Can You Name All 50 Of These '80s Music Videos From Just One Image?

By: Shayna
Image: Eurythmics

About This Quiz

"Beat it, beat it. No one wants to be defeated!" We're sure you don't want to get defeated by this '80s quiz, but let's see if you have the (mental) movies to make it through!

The '80s was an iconic time in music. Rock and roll was dominating, while Michael Jackson released, "Thriller" the best-selling album of all time. With hits like a-Ha's "Take On Me" and Run-DMC's "Walk This Way," how many music videos can you remember from the decade?

Would a photo of zombies remind you of Billy Idol's "Dancing With Myself" or the Michael Jackson classic, "Thriller"? Do you remember the "99 Luftballons" popping in Nena's music video? Maybe you remember the image of Prince soaking in a bathtub?

While the '90s would be dedicated to tons of choreography, artists of the '80s were serious about setting the scene. A sidewalk lighting up is probably ingrained in your mind because of Michael Jackson's "Billy Jean." The half live action, half comic book video by the Norwegian band, a-Ha, is probably a favorite of yours.

Just how many of these '80s music videos do you remember? Are you stuck in the right decade, or do you belong in the '70s or '90s? This quiz will prove just how big a fan you are!

"No one wants to be defeated!" Here's your chance to prove you won't be!

The music video for "Thriller" cost half-a-million dollars; at the time, it was the most expensive video ever made. The video 's iconic zombie dance routine was choreographed by Michael Peters who also played a zombie in the video and had also choreographed Michael's other big hit, "Beat It." The greatest number of people doing the "Thriller" zombie-dance routine, according to the 2009 Guinness Book of World Records was 13,597.

"Take On Me" is a song written by the band members of Norwegian synthpop band, a-ha. The second version of this song was produced for their debut studio album, "Hunting High and Low" released in 1985. The song became their only track to reach the top of the Billboard Hot 100, partly because of the popularity of the video directed by Steve Barron and played repeatedly on MTV.

After the video for "Billie Jean" aired, Michael Jackson's famous album "Thriller" went on to sell an additional 10 million copies. Michael Jackson’s head was set on fire by special effects explosions while filming a Pepsi-Cola commercial sound-tracked by "Billie Jean."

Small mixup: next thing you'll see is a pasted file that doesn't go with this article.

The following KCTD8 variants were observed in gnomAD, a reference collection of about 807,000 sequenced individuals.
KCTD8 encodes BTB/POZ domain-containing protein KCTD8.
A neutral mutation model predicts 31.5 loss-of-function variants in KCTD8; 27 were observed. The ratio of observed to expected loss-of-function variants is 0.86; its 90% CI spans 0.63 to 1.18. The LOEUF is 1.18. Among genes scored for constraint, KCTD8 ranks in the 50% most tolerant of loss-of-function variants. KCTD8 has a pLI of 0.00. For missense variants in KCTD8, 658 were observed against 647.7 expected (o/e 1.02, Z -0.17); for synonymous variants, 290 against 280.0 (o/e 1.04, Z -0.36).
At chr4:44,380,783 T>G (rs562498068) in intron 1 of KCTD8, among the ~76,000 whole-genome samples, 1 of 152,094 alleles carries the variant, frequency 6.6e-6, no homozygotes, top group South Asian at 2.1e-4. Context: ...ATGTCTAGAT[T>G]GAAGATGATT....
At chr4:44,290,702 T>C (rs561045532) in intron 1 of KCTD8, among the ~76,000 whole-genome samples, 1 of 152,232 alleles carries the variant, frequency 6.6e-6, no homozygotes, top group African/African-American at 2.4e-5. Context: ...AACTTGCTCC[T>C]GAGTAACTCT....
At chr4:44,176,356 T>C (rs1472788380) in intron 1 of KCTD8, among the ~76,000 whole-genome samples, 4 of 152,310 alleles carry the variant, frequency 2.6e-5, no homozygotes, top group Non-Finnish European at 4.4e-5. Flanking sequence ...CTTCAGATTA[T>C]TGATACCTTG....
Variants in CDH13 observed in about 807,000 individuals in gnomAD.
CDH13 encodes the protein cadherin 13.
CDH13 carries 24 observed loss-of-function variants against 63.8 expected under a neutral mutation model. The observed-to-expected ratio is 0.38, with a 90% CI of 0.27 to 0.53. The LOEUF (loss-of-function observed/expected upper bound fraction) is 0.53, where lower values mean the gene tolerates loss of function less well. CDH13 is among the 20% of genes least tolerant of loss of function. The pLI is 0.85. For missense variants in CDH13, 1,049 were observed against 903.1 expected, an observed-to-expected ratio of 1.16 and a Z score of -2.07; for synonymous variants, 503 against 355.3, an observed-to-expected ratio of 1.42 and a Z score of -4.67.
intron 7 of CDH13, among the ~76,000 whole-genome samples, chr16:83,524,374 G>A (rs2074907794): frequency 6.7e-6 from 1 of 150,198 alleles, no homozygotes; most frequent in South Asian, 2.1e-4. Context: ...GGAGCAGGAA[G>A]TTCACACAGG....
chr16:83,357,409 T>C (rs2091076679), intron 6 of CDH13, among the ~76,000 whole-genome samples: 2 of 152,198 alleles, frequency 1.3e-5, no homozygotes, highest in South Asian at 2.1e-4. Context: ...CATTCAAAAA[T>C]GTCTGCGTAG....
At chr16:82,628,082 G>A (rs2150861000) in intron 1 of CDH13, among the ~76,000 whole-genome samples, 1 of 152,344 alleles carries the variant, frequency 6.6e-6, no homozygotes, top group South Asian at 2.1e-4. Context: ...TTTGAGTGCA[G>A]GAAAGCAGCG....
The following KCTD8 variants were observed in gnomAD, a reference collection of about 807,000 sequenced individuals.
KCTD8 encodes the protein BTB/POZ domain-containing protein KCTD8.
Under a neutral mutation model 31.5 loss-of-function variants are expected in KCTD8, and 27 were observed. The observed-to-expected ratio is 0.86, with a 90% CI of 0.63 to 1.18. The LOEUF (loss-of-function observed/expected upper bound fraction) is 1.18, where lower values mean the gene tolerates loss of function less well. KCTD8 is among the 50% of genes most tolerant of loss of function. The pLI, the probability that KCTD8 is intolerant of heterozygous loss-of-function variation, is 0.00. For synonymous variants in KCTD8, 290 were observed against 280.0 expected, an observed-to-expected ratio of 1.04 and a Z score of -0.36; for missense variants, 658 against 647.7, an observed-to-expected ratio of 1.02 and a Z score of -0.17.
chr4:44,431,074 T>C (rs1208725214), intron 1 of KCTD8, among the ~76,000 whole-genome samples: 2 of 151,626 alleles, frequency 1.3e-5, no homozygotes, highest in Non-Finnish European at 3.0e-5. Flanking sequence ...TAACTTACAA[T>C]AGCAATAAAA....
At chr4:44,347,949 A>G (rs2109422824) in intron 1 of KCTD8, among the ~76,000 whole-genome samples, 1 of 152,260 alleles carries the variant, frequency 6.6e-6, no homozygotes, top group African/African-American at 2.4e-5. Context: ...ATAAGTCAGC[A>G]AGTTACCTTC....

The "keyboardist" in the "Addicted to Love" video was Susie Verrico, who later appeared in the 2006 UK reality TV show "Big Brother." None of the models posing as a band knew how to play the instruments, as a result, each girl was keeping her own time and moving to a different beat.

The music video for “Bad” took a similar short-film approach as “Thriller” spanning 18 minutes and featuring an underground subway battle between two rival gangs. The video featured a young Wesley Snipes as Jackson’s rival and was directed by Martin Scorsese.

"Borderline" was filmed on location in Los Angeles and was the first video that Madonna made with director Mary Lambert, who later also directed her other famous songs including "Like a Virgin," "Material Girl," "La Isla Bonita," and "Like a Prayer." The portrayal of the street life and high-fashion scene in the video was an homage to Madonna's life in the gritty streets in New York where she lived while her career was beginning, as well as the popularity and success she was experiencing at that moment.

"Hungry Like the Wolf" by Duran Duran was released in 1982 in the United Kingdom and next week the song debuted at number 35 on the UK Singles Chart. The lyrics were inspired by the infamous wolf in the children's story "Little Red Riding Hood."